Detail of A-01507
Hannah Hatherly Maynard was a woman of extraordinary character
and independence. Born in Bude, England in 1834 she married
Richard Maynard in 1852 sailed with him to Canada West where they
lived in Bowmanville, in what is now the province of Ontario. They
subsequently emigrated to the Colony of Vancouver Island along with
their 4 children in 1862.
They brought cameras, photographic supplies, and studio equipment, and Hannah became one of British Columbia's first professional photographers.
Detail of C-08993
Hannah, having learned photography in Ontario, opened one of the city's first portrait studios, Mrs. R. Maynard's Photographic Gallery on Johnson Street.
Richard, a shoemaker by trade, opened an adjoining boot and shoe store.
The Maynards travelled throughout the Pacific Northwest, creating an extensive collection of negatives. Hannah Maynard's photographs, however, are interesting for more than historical reasons.
|Hannah Maynard's Photosculpture
Detail of F-05095
Her images of cascading children's faces crammed into one montage, or the appearance of truncated bodies represents this idea.
Hannah Maynard on a bicycle
Detail of F-05070
When the Maynards arrived in Victoria it was a decidely undeveloped town, in many cases there were simply tents and shacks as dwellings. In the next fifty years Victoria changed from a makeshift town into a city of stylish residences and impressive commercial blocks.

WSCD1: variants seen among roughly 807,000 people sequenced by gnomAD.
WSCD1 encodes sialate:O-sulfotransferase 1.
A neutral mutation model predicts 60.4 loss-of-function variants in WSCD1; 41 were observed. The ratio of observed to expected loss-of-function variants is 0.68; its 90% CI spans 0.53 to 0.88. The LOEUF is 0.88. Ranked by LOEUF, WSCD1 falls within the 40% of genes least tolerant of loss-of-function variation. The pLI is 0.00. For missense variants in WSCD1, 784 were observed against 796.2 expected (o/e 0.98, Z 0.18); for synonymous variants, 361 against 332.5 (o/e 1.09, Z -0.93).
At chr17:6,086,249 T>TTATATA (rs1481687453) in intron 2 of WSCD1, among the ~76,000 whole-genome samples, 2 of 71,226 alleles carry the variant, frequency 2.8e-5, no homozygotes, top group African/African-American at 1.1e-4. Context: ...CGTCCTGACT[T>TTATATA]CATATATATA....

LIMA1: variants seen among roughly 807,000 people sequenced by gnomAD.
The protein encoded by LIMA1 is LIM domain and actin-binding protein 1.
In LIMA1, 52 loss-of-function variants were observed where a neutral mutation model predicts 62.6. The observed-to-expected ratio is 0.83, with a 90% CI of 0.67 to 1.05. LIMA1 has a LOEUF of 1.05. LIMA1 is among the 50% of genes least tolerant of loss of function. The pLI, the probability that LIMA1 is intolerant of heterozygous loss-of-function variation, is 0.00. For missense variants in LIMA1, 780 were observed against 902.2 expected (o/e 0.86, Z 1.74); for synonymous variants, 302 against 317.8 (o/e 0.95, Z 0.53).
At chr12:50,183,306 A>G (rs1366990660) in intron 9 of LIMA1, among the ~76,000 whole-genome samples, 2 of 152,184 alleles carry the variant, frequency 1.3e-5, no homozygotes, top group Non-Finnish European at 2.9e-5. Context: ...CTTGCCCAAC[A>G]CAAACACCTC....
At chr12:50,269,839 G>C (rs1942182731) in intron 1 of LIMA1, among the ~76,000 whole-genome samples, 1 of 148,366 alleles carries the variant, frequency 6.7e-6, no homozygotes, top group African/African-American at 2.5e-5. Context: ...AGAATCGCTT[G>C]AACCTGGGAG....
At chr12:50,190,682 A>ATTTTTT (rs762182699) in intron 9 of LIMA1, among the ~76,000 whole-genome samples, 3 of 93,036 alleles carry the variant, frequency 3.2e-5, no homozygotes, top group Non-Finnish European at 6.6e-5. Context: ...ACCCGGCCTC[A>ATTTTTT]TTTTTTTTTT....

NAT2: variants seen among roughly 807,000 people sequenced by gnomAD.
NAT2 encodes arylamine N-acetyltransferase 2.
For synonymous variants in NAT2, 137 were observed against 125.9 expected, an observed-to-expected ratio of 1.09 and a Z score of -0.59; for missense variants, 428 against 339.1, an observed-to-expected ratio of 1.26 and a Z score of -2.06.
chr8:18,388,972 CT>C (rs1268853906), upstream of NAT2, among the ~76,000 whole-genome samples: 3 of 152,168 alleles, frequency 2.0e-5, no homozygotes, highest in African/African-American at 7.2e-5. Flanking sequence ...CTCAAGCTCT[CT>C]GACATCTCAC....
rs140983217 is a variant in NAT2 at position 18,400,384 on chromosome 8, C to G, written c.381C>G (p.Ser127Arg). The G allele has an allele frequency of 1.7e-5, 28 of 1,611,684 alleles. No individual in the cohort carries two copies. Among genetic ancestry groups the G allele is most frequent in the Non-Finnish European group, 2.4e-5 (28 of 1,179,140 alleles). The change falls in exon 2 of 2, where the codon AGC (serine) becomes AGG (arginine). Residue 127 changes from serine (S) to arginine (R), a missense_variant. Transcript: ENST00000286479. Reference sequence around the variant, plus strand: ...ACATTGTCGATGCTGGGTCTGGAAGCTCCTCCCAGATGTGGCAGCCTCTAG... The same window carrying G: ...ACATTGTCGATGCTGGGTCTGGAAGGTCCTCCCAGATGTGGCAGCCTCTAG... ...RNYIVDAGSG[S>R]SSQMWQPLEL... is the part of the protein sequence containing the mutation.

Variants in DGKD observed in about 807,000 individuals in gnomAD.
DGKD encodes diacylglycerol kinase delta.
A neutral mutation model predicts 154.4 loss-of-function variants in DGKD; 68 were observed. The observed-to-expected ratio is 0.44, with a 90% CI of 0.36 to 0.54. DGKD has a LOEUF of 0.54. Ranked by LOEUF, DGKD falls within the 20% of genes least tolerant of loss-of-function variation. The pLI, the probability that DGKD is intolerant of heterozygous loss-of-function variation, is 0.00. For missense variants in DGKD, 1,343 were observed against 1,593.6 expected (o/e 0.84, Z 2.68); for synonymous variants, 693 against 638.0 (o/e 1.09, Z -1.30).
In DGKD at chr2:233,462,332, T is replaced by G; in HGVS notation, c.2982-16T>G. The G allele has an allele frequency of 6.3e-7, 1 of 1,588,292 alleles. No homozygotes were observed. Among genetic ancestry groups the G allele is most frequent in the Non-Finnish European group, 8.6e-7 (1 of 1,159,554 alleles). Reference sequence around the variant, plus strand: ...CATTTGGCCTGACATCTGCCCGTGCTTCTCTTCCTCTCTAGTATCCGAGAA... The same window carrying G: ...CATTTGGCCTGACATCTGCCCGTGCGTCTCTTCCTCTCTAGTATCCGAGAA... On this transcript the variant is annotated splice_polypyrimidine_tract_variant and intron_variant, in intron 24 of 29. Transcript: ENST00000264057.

In 1862 a woman in business was considered very unconventional. A newspaper article written many years later claimed that Hannah's bold entry into the business world so astonished prim Victorians that many people chose not to patronize her studio.
While both Hannah and her husband Richard practised landscape photography, Hannah's most adventurous work had to do with with techniques such as photosculpture, multiple exposures, composite images, and cut-and-paste montage.
Example of Multiple Exposure
Detail of F-02850
Hannah placed herself in complicated settings, taking certain technical risks and solving them. She used exposed plates, and matting, to create many of her settings.
Focusing on commercial portrait photography, she suggested upon her retirement in 1912 that she had photographed almost everyone who had passed through Victoria. Hannah's work in both landscape and portrait photography has made an important contribution to the documentation of British Columbia history.
A self-portrait, with Hannah
bent over a punt in Beacon Hill Park
Detail of H-00276
She died in 1918 in Victoria, British Columbia and was
buried in the Ross Bay Cemetery.